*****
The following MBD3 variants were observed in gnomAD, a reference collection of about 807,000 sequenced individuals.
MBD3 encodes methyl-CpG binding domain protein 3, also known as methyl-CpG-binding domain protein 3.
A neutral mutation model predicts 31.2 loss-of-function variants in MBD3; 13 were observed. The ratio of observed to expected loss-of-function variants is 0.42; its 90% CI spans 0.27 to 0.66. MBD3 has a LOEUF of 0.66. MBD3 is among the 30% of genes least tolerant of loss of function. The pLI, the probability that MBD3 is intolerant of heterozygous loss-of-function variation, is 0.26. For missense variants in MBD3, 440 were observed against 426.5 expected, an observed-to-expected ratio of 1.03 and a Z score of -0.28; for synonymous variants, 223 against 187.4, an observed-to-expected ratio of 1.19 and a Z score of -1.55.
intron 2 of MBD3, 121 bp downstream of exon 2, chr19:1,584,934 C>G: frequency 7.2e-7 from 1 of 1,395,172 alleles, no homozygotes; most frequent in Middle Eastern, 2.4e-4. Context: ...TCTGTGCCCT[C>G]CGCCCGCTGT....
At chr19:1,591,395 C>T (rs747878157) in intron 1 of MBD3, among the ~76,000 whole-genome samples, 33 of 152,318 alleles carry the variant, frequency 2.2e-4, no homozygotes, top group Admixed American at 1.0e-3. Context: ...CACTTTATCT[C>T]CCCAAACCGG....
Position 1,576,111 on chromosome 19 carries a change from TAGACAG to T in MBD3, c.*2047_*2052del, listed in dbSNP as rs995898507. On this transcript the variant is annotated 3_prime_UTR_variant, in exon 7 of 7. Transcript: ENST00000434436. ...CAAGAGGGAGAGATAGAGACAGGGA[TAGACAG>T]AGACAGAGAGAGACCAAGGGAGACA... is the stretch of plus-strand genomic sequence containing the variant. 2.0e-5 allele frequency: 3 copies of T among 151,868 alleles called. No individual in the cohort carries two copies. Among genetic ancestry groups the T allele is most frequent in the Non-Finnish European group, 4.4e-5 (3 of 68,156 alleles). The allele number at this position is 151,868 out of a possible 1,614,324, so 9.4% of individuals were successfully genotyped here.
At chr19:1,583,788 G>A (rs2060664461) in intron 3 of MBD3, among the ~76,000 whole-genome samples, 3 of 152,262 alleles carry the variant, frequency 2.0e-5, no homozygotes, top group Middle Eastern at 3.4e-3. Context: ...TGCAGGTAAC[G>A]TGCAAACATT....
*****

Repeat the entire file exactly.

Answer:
The following MBD3 variants were observed in gnomAD, a reference collection of about 807,000 sequenced individuals.
MBD3 encodes methyl-CpG binding domain protein 3, also known as methyl-CpG-binding domain protein 3.
A neutral mutation model predicts 31.2 loss-of-function variants in MBD3; 13 were observed. The ratio of observed to expected loss-of-function variants is 0.42; its 90% CI spans 0.27 to 0.66. MBD3 has a LOEUF of 0.66. MBD3 is among the 30% of genes least tolerant of loss of function. The pLI, the probability that MBD3 is intolerant of heterozygous loss-of-function variation, is 0.26. For missense variants in MBD3, 440 were observed against 426.5 expected, an observed-to-expected ratio of 1.03 and a Z score of -0.28; for synonymous variants, 223 against 187.4, an observed-to-expected ratio of 1.19 and a Z score of -1.55.
intron 2 of MBD3, 121 bp downstream of exon 2, chr19:1,584,934 C>G: frequency 7.2e-7 from 1 of 1,395,172 alleles, no homozygotes; most frequent in Middle Eastern, 2.4e-4. Context: ...TCTGTGCCCT[C>G]CGCCCGCTGT....
At chr19:1,591,395 C>T (rs747878157) in intron 1 of MBD3, among the ~76,000 whole-genome samples, 33 of 152,318 alleles carry the variant, frequency 2.2e-4, no homozygotes, top group Admixed American at 1.0e-3. Context: ...CACTTTATCT[C>T]CCCAAACCGG....
Position 1,576,111 on chromosome 19 carries a change from TAGACAG to T in MBD3, c.*2047_*2052del, listed in dbSNP as rs995898507. On this transcript the variant is annotated 3_prime_UTR_variant, in exon 7 of 7. Transcript: ENST00000434436. ...CAAGAGGGAGAGATAGAGACAGGGA[TAGACAG>T]AGACAGAGAGAGACCAAGGGAGACA... is the stretch of plus-strand genomic sequence containing the variant. 2.0e-5 allele frequency: 3 copies of T among 151,868 alleles called. No individual in the cohort carries two copies. Among genetic ancestry groups the T allele is most frequent in the Non-Finnish European group, 4.4e-5 (3 of 68,156 alleles). The allele number at this position is 151,868 out of a possible 1,614,324, so 9.4% of individuals were successfully genotyped here.
At chr19:1,583,788 G>A (rs2060664461) in intron 3 of MBD3, among the ~76,000 whole-genome samples, 3 of 152,262 alleles carry the variant, frequency 2.0e-5, no homozygotes, top group Middle Eastern at 3.4e-3. Context: ...TGCAGGTAAC[G>A]TGCAAACATT....